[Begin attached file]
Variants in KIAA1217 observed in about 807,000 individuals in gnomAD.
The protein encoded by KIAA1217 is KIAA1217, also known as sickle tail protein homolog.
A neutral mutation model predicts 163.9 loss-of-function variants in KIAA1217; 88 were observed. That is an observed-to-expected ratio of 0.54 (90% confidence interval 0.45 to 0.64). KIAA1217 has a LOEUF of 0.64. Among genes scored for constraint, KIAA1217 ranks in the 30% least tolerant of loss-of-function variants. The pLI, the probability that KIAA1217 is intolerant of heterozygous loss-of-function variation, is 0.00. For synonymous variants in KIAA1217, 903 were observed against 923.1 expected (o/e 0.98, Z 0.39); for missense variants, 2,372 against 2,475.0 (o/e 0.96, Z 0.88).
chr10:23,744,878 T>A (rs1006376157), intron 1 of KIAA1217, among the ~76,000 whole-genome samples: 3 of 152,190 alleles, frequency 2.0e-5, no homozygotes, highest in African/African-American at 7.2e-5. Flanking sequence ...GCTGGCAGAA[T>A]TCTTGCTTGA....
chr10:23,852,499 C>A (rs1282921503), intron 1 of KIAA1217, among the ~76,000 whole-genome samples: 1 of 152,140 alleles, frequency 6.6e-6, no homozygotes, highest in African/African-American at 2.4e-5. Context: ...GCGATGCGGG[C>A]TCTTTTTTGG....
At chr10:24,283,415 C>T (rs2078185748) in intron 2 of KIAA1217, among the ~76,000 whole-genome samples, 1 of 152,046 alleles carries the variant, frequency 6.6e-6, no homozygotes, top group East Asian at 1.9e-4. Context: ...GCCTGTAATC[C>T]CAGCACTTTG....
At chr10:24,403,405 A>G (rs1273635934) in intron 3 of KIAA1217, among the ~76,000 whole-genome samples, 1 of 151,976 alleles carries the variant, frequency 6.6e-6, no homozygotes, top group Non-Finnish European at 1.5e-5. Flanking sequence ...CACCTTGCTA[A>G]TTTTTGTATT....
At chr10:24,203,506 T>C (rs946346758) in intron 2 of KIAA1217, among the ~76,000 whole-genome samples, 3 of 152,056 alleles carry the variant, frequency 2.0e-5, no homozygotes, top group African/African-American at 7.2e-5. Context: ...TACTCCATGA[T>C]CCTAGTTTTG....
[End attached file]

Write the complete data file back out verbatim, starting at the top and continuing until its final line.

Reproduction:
Variants in KIAA1217 observed in about 807,000 individuals in gnomAD.
The protein encoded by KIAA1217 is KIAA1217, also known as sickle tail protein homolog.
A neutral mutation model predicts 163.9 loss-of-function variants in KIAA1217; 88 were observed. That is an observed-to-expected ratio of 0.54 (90% confidence interval 0.45 to 0.64). KIAA1217 has a LOEUF of 0.64. Among genes scored for constraint, KIAA1217 ranks in the 30% least tolerant of loss-of-function variants. The pLI, the probability that KIAA1217 is intolerant of heterozygous loss-of-function variation, is 0.00. For synonymous variants in KIAA1217, 903 were observed against 923.1 expected (o/e 0.98, Z 0.39); for missense variants, 2,372 against 2,475.0 (o/e 0.96, Z 0.88).
chr10:23,744,878 T>A (rs1006376157), intron 1 of KIAA1217, among the ~76,000 whole-genome samples: 3 of 152,190 alleles, frequency 2.0e-5, no homozygotes, highest in African/African-American at 7.2e-5. Flanking sequence ...GCTGGCAGAA[T>A]TCTTGCTTGA....
chr10:23,852,499 C>A (rs1282921503), intron 1 of KIAA1217, among the ~76,000 whole-genome samples: 1 of 152,140 alleles, frequency 6.6e-6, no homozygotes, highest in African/African-American at 2.4e-5. Context: ...GCGATGCGGG[C>A]TCTTTTTTGG....
At chr10:24,283,415 C>T (rs2078185748) in intron 2 of KIAA1217, among the ~76,000 whole-genome samples, 1 of 152,046 alleles carries the variant, frequency 6.6e-6, no homozygotes, top group East Asian at 1.9e-4. Context: ...GCCTGTAATC[C>T]CAGCACTTTG....
At chr10:24,403,405 A>G (rs1273635934) in intron 3 of KIAA1217, among the ~76,000 whole-genome samples, 1 of 151,976 alleles carries the variant, frequency 6.6e-6, no homozygotes, top group Non-Finnish European at 1.5e-5. Flanking sequence ...CACCTTGCTA[A>G]TTTTTGTATT....
At chr10:24,203,506 T>C (rs946346758) in intron 2 of KIAA1217, among the ~76,000 whole-genome samples, 3 of 152,056 alleles carry the variant, frequency 2.0e-5, no homozygotes, top group African/African-American at 7.2e-5. Context: ...TACTCCATGA[T>C]CCTAGTTTTG....